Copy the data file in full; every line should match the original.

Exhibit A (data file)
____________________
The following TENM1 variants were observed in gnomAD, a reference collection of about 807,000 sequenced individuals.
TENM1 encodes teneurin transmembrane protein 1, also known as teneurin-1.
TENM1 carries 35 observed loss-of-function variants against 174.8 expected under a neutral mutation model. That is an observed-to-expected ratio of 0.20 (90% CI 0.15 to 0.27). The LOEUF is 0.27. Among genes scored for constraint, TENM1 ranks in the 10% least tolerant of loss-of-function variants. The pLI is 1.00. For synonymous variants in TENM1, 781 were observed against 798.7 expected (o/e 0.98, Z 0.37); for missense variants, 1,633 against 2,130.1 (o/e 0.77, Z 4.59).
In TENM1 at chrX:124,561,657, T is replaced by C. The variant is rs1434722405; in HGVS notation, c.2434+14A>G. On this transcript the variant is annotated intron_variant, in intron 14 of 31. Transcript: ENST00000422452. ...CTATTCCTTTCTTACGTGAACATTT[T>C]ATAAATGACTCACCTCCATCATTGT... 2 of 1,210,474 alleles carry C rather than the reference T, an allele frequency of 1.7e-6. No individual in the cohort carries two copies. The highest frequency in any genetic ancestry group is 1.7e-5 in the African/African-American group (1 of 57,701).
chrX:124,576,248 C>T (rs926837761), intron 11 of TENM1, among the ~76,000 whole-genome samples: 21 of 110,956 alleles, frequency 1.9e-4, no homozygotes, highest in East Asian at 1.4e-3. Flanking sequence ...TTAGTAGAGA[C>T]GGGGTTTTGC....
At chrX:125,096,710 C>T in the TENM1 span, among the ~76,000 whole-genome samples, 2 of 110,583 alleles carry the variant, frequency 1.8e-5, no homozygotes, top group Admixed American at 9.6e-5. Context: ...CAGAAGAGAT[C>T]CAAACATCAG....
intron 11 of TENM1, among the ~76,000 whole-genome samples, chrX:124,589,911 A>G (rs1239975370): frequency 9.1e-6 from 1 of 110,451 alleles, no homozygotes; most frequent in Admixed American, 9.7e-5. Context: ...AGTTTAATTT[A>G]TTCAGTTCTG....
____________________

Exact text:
The following TENM1 variants were observed in gnomAD, a reference collection of about 807,000 sequenced individuals.
TENM1 encodes teneurin transmembrane protein 1, also known as teneurin-1.
TENM1 carries 35 observed loss-of-function variants against 174.8 expected under a neutral mutation model. That is an observed-to-expected ratio of 0.20 (90% CI 0.15 to 0.27). The LOEUF is 0.27. Among genes scored for constraint, TENM1 ranks in the 10% least tolerant of loss-of-function variants. The pLI is 1.00. For synonymous variants in TENM1, 781 were observed against 798.7 expected (o/e 0.98, Z 0.37); for missense variants, 1,633 against 2,130.1 (o/e 0.77, Z 4.59).
In TENM1 at chrX:124,561,657, T is replaced by C. The variant is rs1434722405; in HGVS notation, c.2434+14A>G. On this transcript the variant is annotated intron_variant, in intron 14 of 31. Transcript: ENST00000422452. ...CTATTCCTTTCTTACGTGAACATTT[T>C]ATAAATGACTCACCTCCATCATTGT... 2 of 1,210,474 alleles carry C rather than the reference T, an allele frequency of 1.7e-6. No individual in the cohort carries two copies. The highest frequency in any genetic ancestry group is 1.7e-5 in the African/African-American group (1 of 57,701).
chrX:124,576,248 C>T (rs926837761), intron 11 of TENM1, among the ~76,000 whole-genome samples: 21 of 110,956 alleles, frequency 1.9e-4, no homozygotes, highest in East Asian at 1.4e-3. Flanking sequence ...TTAGTAGAGA[C>T]GGGGTTTTGC....
At chrX:125,096,710 C>T in the TENM1 span, among the ~76,000 whole-genome samples, 2 of 110,583 alleles carry the variant, frequency 1.8e-5, no homozygotes, top group Admixed American at 9.6e-5. Context: ...CAGAAGAGAT[C>T]CAAACATCAG....
intron 11 of TENM1, among the ~76,000 whole-genome samples, chrX:124,589,911 A>G (rs1239975370): frequency 9.1e-6 from 1 of 110,451 alleles, no homozygotes; most frequent in Admixed American, 9.7e-5. Context: ...AGTTTAATTT[A>G]TTCAGTTCTG....